The simple truth is that roosters are necessary if you want fertilized eggs that can turn into little chicks or baby hens with the right management. While hens can lay eggs without a rooster being present, these will be unfertilized eggs. Despite being just as delicious, these eggs can’t turn into chicks and, as such, won’t help grow your flock.

Hens also can benefit from a rooster because he will protect the flock, helping to keep them safe from predators and to alert them to threats.

eggs in tray
If you just want to eat eggs, and not hatch the eggs, you don’t need a rooster

Reasons to Raise Chickens

If you keep chickens in your backyard, you have several options. You can:

  • Keep them all as layers and farm them for their eggs
  • Use the hens for meat when they stop laying
  • Can keep chickens strictly for meat production
  • Hatch fertile chicks with a rooster

You can eat unfertilized eggs, and you can eat fertilized eggs. So if your goal is to have eggs and raise chicks, you need a rooster. 

If you are interested in keeping chickens for their eggs or as layers, here are some of the benefits that come with that:

You get eggs with or without a rooster:

Of course, this has to be the number one reason you want to keep layers. Not only is egg production a potentially lucrative business venture, but eggs are an excellent source of protein and sustainable food source for your family. 

Hens lay eggs for a long time: 

For several years, your backyard poultry could be providing you with fresh eggs. Each hen has the potential to give you up to 600 chicken eggs in its lifetime. Imagine how many eggs you could have if you put your chickens on a rotational basis. 

You get meat:

As each bird ages, its egg production prowess slows down and eventually stops. At this point, this chicken will be mature enough to provide you with meat instead of eggs. Most chicken farmers who keep layers do so with the eventual plan of selling them off as meat once they are done laying eggs.

You can raise chicken breeds known for their meat instead of their eggs if you are interested in raising meat birds.

Learn more: Best meat chickens

Fertile eggs are profitable:

Some farmers have resorted to simply buying fertile eggs from farmers with roosters and hens in their flock. Fertilized chicken eggs tend to sell for more than typical eggs. You can also sell unfertilized eggs to neighbors and friends. 

Reasons to Raise Roosters

Roosters provide protection:

Keeping a rooster among your hens means you will have a guard animal so to speak. A rooster will remain alert to threats, including predators and people. 

Roosters fertilize eggs:

If you want to sell fertilized eggs and/or hatch baby chicks, you need a rooster. If you choose a chicken breed where the hens are broody, they will sit on their eggs and hatch them on their own. The other option is to use an incubator and incubate the eggs yourself. 

Raising chicks means you will have a continuous source of eggs and possibly meat.

Even if you don’t want to hatch chicks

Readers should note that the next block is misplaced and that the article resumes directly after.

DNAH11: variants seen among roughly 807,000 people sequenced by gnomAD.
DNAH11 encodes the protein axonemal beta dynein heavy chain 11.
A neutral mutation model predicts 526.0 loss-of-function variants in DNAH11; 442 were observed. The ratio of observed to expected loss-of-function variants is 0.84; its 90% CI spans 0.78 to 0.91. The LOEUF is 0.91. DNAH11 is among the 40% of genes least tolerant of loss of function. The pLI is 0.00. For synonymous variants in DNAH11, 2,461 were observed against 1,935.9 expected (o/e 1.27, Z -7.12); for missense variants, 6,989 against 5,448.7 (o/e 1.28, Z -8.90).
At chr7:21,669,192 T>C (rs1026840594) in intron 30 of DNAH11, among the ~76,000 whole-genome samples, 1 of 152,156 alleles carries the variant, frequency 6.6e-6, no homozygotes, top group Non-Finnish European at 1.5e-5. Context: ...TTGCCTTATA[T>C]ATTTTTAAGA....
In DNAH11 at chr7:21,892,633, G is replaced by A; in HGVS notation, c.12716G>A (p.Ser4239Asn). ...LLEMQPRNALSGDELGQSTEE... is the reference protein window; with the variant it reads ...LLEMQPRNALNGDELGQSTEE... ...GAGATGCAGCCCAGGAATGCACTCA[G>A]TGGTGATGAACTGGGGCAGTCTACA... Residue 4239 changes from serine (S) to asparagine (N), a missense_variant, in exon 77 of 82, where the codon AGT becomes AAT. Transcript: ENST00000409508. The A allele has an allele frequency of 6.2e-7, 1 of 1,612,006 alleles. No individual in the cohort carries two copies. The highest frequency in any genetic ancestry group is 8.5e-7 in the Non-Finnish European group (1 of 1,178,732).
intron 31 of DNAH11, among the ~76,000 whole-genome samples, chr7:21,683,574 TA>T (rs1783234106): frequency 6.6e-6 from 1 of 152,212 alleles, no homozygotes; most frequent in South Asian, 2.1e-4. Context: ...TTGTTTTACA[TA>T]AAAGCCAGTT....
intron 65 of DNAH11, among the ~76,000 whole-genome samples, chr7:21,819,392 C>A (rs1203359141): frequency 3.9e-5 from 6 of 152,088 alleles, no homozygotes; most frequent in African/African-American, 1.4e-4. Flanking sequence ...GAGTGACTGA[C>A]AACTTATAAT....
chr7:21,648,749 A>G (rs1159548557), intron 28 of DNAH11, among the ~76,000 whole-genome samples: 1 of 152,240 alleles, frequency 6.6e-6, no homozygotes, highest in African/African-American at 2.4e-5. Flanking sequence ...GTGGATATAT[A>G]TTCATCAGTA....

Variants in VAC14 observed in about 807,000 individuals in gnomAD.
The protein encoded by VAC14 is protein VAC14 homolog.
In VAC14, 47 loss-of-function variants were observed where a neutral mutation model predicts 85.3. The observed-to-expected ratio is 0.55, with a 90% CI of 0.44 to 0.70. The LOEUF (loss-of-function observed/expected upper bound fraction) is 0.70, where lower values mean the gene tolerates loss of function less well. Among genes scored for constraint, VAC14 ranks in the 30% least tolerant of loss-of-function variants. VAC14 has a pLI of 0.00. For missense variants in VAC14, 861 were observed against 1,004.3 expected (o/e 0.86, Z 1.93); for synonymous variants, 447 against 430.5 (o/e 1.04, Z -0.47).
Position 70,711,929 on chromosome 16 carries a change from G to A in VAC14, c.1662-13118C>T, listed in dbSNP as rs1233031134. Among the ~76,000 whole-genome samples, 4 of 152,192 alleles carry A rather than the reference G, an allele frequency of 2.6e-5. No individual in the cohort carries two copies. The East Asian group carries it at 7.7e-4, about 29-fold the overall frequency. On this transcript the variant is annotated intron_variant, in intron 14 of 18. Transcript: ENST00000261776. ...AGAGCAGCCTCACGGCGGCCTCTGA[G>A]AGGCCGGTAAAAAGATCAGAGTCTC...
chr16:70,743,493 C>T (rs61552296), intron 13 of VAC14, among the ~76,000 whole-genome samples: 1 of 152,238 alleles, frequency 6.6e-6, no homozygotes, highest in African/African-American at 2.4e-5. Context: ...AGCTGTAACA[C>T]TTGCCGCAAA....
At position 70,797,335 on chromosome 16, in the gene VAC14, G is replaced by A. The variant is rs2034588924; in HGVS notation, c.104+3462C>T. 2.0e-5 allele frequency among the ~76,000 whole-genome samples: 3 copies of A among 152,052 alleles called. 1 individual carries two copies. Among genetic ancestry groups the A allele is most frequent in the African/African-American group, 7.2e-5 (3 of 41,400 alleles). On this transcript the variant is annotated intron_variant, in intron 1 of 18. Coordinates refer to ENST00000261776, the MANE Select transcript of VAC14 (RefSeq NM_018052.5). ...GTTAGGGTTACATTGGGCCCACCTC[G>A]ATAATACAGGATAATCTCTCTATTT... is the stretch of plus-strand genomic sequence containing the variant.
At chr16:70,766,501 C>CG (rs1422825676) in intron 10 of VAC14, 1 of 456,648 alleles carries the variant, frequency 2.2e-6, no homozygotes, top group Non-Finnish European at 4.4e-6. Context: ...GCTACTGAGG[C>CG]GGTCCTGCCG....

You can still eat the eggs even if they are fertilized by the rooster. 

Learn the pros and cons to keeping a rooster and other important information about raising roosters before adding them to your flock. 

Roosters provide meat

Roosters are male chickens. You can eat roosters just as you would the hens. Learn more: Can you eat roosters

As you can see, the benefits don’t end with getting an egg in the nest box every morning. There are a lot of benefits and that come with keeping backyard chickens, even if they are just layers. That, however, doesn’t mean that there aren’t a few drawbacks as well.

What Are the Disadvantages of Raising Chickens With Roosters?

Although you can get eggs in the nesting boxes every morning or sell your chicken for meat, especially the roosters, some disadvantages come with raising chickens. These include:

  • Backyard chickens can be noisy: Chickens tend to be noisy. It’s not just the roosters, the noisiest of them all, but all chickens. Even when chickens lay eggs, they make quite a bit of noise, and this can be problematic when you have neighbors who aren’t chicken farmers. Learn the 5 reasons why roosters crow.
  • Chickens stink: Chickens, especially when kept confined, can stink from their droppings. This is particularly true if you live in an area with lots of rain.
  • Chickens can be expensive: When chickens stop being broody or laying eggs, they can become quite expensive to maintain. The sale of eggs and meat often offsets this cost. However, if you are particular about only keeping layers until they stop laying eggs, maintaining them can be quite expensive and not cost-effective.
  • You need enough chickens: It is best to have 8 – 10 hens per rooster to keep the hens healthy.

Chickens attract predators, such as raccoons and skunks that are attracted to your backyard by the smell and sound of a chicken. The problem with this kind of problem is that it can quickly go past the backyard.

Such predators bring financial loss with them—should they attack and decimate your flock—and many also bring diseases. This can be of great concern, especially if small children like to play in the backyard.

Furthermore, from a legal standpoint, roosters are a sensitive topic in many states, such as Florida where you need a backyard chicken permit, New York, and California. These are places where chicken farmers are required to meet strict guidelines when it comes to keeping chickens and roosters in particular. 

Can Chickens Lay Eggs Without a Rooster ~ Yes!

Do chickens need a rooster to lay eggs? No, they don’t. However, hens need roosters to lay fertilized eggs that can lead to baby chicks and the growth of your flock. If you aren’t interested in hatching chicks, you don’t need to keep a rooster. Your hens will lay eggs without them.

Learn more: